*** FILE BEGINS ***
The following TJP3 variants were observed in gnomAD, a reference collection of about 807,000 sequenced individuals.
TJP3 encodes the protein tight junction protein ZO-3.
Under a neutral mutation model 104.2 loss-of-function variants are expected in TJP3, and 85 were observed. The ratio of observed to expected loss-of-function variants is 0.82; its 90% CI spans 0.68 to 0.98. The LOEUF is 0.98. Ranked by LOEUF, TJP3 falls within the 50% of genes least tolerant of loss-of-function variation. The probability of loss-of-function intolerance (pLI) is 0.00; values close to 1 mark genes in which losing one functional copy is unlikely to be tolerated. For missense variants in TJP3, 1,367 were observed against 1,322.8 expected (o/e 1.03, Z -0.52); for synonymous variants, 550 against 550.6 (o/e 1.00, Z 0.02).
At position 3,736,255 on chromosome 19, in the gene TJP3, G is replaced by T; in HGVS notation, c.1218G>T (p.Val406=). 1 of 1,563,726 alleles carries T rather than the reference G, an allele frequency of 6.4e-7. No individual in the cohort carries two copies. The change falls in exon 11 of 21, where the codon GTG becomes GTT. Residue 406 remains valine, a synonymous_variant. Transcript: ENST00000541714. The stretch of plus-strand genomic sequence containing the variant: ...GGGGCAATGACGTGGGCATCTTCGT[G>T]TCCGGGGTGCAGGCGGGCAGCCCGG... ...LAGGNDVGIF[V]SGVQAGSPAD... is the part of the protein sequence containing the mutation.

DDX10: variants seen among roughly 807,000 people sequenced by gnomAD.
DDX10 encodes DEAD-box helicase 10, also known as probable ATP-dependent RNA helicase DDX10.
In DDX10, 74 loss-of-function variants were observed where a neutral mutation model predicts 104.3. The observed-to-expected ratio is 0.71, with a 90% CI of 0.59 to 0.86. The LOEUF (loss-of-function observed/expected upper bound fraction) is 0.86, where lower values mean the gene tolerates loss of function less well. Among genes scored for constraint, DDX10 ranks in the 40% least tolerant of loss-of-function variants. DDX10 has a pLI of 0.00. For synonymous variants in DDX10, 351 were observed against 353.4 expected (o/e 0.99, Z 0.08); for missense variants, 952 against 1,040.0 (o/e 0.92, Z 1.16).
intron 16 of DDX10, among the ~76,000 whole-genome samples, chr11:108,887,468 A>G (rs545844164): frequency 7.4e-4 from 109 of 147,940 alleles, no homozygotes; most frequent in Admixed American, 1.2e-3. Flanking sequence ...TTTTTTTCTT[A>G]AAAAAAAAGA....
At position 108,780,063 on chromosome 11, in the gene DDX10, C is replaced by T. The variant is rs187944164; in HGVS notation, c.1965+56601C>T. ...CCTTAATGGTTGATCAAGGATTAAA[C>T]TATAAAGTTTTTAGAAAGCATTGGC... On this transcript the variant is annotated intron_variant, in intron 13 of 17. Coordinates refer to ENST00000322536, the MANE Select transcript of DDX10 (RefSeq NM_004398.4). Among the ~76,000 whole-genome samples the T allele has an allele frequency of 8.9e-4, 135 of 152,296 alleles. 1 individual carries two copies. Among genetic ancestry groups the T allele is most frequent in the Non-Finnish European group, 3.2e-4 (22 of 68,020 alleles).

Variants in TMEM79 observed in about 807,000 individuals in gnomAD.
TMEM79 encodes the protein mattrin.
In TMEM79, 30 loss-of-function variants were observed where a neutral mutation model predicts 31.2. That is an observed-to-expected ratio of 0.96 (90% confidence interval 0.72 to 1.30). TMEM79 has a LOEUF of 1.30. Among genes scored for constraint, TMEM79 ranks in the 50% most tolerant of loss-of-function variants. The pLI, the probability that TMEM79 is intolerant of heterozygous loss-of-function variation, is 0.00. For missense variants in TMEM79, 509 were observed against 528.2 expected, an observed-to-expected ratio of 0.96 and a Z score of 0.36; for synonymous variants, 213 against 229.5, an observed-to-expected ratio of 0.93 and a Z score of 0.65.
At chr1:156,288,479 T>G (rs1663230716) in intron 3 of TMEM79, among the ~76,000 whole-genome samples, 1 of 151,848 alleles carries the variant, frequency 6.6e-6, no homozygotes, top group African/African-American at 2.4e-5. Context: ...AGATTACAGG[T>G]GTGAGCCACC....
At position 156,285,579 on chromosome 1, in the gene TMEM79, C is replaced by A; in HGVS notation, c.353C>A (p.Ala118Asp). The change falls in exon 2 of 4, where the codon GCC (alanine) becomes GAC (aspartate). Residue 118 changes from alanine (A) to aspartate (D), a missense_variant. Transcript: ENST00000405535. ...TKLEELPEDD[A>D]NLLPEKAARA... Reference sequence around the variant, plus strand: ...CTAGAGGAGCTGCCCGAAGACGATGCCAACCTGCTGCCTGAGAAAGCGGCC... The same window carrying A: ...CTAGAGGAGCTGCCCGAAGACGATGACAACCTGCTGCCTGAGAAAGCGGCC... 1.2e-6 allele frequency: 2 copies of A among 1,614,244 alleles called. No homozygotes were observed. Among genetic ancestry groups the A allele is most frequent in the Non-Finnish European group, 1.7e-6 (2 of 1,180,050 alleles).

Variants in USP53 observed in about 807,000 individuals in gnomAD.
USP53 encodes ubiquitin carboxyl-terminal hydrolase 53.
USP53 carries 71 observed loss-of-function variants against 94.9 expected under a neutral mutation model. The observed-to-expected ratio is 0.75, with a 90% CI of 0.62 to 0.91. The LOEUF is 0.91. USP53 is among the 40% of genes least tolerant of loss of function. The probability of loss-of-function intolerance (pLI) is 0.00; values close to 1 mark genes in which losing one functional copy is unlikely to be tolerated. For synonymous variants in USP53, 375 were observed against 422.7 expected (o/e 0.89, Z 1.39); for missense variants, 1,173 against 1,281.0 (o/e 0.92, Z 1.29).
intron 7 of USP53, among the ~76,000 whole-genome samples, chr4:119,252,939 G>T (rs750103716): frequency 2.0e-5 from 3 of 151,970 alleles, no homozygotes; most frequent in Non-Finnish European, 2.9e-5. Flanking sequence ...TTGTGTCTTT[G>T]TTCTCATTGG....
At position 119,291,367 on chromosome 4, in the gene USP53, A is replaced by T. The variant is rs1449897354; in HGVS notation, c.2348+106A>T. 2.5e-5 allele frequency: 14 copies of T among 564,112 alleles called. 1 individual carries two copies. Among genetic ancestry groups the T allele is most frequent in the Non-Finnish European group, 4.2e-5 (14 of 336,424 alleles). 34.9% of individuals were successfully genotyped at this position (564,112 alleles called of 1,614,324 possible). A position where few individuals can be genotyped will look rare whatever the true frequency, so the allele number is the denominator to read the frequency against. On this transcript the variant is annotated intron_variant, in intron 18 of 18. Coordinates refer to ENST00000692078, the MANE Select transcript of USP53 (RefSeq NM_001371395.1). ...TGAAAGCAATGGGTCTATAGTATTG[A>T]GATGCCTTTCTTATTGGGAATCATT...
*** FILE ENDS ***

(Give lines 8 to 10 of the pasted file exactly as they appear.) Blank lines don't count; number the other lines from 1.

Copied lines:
intron 16 of DDX10, among the ~76,000 whole-genome samples, chr11:108,887,468 A>G (rs545844164): frequency 7.4e-4 from 109 of 147,940 alleles, no homozygotes; most frequent in Admixed American, 1.2e-3. Flanking sequence ...TTTTTTTCTT[A>G]AAAAAAAAGA....
At position 108,780,063 on chromosome 11, in the gene DDX10, C is replaced by T. The variant is rs187944164; in HGVS notation, c.1965+56601C>T. ...CCTTAATGGTTGATCAAGGATTAAA[C>T]TATAAAGTTTTTAGAAAGCATTGGC... On this transcript the variant is annotated intron_variant, in intron 13 of 17. Coordinates refer to ENST00000322536, the MANE Select transcript of DDX10 (RefSeq NM_004398.4). Among the ~76,000 whole-genome samples the T allele has an allele frequency of 8.9e-4, 135 of 152,296 alleles. 1 individual carries two copies. Among genetic ancestry groups the T allele is most frequent in the Non-Finnish European group, 3.2e-4 (22 of 68,020 alleles).

Variants in TMEM79 observed in about 807,000 individuals in gnomAD.